Raising the ante in an already bitter feud, Mayor Mitch Landrieu’s administration issued a stop-work order Wednesday on the new $145 million Orleans Parish Prison, accusing Sheriff Marlin Gusman of “flagrant violations” of the city code and failing to build a lockup equipped to house all inmates, including those needing specialized medical and mental health treatment.

Construction on the 1,438-bed facility came to a halt about 1 p.m., infuriating Sheriff’s Office brass and opening a new front in an increasingly gloves-off legal battle over the ultimate size of New Orleans’ jail.

The stop-work order, accompanied by a related court filing and a tartly worded city news release, marked perhaps the sharpest escalation in the conflict to date. It drew swift recriminations from Gusman, who insists the new jail was built in keeping with city ordinance but is simply too small to house all inmates.

The Sheriff’s Office, after months of delays, had been planning to move inmates into the new jail as soon as August. But Wednesday’s developments threatened to delay its opening indefinitely as city officials and Gusman spar over whether the fourth floor of the facility can be renovated at this juncture.

The opening of the new jail has been seen as critical to the Sheriff’s Office ability to comply with a sweeping, federally monitored plan for reforms at OPP, where inmates for years have been exposed to violence and inhumane conditions.

“The city is standing in the way of the completion of our facilities, and it is using politics to confuse the public,” Gusman said in a defiant response. “On its face, the stop-work order is the city’s attempt to deceive the public into supporting its improper agenda. It is also an attempt to deflect the public’s attention from the real crime problem that the city is facing this year.”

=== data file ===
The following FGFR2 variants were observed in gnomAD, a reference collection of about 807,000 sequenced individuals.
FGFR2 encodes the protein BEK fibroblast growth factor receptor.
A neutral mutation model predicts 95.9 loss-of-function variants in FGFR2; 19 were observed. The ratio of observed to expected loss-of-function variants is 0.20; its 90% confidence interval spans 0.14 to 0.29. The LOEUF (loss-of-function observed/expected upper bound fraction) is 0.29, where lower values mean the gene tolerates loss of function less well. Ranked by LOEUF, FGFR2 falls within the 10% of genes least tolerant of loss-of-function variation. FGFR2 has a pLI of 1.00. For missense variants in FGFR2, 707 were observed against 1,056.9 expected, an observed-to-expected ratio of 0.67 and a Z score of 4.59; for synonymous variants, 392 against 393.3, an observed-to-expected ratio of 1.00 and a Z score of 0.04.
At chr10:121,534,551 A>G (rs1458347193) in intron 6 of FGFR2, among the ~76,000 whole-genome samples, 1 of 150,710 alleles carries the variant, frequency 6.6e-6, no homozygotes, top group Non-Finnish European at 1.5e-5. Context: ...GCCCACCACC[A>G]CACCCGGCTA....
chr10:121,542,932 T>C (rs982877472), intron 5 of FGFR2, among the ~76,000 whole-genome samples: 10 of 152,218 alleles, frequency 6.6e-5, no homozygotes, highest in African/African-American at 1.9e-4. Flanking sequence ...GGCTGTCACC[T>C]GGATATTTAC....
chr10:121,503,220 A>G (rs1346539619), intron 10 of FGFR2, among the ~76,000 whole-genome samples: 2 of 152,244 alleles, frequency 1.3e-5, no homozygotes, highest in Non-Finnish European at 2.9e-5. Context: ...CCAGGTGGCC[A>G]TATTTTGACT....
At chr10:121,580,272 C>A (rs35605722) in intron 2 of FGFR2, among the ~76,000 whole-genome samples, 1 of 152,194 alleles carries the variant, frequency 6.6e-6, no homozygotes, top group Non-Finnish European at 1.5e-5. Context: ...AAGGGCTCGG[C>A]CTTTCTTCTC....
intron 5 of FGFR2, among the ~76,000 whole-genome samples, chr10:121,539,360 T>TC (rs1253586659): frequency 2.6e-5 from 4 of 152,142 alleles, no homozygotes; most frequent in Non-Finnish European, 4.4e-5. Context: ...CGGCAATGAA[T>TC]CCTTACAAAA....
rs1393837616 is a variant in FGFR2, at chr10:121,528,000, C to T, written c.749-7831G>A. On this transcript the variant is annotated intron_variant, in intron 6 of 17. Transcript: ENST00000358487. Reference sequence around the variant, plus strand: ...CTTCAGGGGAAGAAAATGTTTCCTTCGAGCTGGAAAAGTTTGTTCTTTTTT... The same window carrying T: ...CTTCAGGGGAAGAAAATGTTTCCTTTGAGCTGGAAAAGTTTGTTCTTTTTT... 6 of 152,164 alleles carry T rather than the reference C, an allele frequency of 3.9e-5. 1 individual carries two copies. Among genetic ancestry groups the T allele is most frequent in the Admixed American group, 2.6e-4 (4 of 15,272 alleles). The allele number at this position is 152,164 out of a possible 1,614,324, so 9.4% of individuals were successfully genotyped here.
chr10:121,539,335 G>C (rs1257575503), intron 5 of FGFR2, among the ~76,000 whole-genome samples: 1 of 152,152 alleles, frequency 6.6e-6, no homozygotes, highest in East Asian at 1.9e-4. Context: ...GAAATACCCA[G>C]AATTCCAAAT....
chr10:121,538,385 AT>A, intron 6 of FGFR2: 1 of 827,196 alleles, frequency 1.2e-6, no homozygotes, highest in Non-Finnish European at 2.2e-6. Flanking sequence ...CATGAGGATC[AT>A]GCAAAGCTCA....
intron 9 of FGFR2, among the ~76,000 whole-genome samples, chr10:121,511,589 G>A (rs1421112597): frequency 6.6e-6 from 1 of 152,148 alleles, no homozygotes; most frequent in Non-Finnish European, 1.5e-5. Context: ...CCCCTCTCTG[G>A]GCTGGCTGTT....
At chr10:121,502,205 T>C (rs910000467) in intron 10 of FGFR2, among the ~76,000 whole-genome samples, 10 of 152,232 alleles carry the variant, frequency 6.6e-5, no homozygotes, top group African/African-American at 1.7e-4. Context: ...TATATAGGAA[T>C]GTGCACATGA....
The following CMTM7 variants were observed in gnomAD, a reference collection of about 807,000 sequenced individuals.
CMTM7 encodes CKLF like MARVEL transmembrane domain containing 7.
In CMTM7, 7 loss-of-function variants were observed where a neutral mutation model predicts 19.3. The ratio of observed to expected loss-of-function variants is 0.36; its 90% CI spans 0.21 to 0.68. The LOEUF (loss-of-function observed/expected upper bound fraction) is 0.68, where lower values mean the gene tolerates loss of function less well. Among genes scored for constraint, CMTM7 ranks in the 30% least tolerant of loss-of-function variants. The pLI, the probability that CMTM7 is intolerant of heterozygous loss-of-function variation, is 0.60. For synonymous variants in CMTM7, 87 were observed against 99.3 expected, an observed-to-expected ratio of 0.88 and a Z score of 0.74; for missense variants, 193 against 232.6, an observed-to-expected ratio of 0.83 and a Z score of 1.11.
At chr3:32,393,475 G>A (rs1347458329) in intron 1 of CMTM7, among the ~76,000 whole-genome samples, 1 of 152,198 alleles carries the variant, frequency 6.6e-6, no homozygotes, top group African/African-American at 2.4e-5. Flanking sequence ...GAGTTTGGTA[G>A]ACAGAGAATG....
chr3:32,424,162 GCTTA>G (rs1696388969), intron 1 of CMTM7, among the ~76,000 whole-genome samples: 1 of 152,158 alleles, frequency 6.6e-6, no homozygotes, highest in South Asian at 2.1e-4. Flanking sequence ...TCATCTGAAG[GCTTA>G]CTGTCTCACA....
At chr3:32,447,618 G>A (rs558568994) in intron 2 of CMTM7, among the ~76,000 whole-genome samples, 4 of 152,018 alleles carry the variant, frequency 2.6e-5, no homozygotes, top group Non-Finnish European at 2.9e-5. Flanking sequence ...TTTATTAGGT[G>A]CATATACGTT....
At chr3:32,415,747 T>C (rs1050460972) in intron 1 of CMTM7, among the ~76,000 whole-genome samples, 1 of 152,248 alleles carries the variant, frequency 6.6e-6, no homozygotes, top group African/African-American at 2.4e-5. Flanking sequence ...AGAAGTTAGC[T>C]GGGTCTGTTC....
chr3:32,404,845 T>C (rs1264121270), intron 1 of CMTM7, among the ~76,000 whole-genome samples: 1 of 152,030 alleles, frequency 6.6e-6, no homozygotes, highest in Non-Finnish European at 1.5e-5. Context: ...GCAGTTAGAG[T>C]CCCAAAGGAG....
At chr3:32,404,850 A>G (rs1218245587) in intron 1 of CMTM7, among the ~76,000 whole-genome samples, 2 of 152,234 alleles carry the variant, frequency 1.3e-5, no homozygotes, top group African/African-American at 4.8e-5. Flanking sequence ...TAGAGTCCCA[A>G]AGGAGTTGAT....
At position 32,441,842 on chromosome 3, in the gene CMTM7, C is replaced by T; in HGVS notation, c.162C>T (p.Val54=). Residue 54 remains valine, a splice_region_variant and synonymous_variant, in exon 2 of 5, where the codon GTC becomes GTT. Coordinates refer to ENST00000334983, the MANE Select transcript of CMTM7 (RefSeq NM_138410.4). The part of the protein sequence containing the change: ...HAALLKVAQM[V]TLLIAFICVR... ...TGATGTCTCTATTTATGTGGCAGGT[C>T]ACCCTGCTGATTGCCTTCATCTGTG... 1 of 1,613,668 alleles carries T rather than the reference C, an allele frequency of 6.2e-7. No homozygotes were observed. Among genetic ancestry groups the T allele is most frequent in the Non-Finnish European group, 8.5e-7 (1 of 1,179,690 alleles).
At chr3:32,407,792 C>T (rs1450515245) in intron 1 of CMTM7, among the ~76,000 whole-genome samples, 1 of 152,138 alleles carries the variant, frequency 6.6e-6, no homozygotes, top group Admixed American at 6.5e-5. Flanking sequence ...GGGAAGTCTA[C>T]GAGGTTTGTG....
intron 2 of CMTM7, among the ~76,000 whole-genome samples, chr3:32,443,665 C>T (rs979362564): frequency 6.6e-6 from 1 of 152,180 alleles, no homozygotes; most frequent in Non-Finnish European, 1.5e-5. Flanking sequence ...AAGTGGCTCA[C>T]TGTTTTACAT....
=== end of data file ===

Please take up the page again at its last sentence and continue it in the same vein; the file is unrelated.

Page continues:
The spat partly reflects differing views on how many inmates need to be locked up at any one time. Landrieu has been saying 1,438 beds should be enough to house all city prisoners, while Gusman says the mayor is being unrealistic and that hundreds more beds will be needed.

The Landrieu administration claims the matter already has been settled and accuses the sheriff of trying to “thwart the will” of the City Council.

Its lawyers have asked a Civil District Court judge to order Gusman to build the new jail as the city directed — and in particular, to honor the council’s requirement that the jail “accommodate any type of prisoner under any jurisdiction.” Alternatively, the city is seeking an injunction to prevent Gusman from completing the new jail in violation of city ordinance, City Attorney Sharonda Williams said.

Williams asserted in a court filing that the new jail “is appropriate only for housing general prison populations, requiring the sheriff to house other prisoners — female prisoners, juvenile offenders and prisoners with substance abuse issues — elsewhere.” The jail also does not contain a medical facility capable of serving all inmates, the city said. “Likewise, it does not contain adequate space for providing educational and job-training programming,” it added.

The concerns voiced by the Landrieu administration — which under state law must pay for the care of local inmates — are hardly new. City leaders for months have complained the jail was not being constructed in keeping with the city’s ordinance.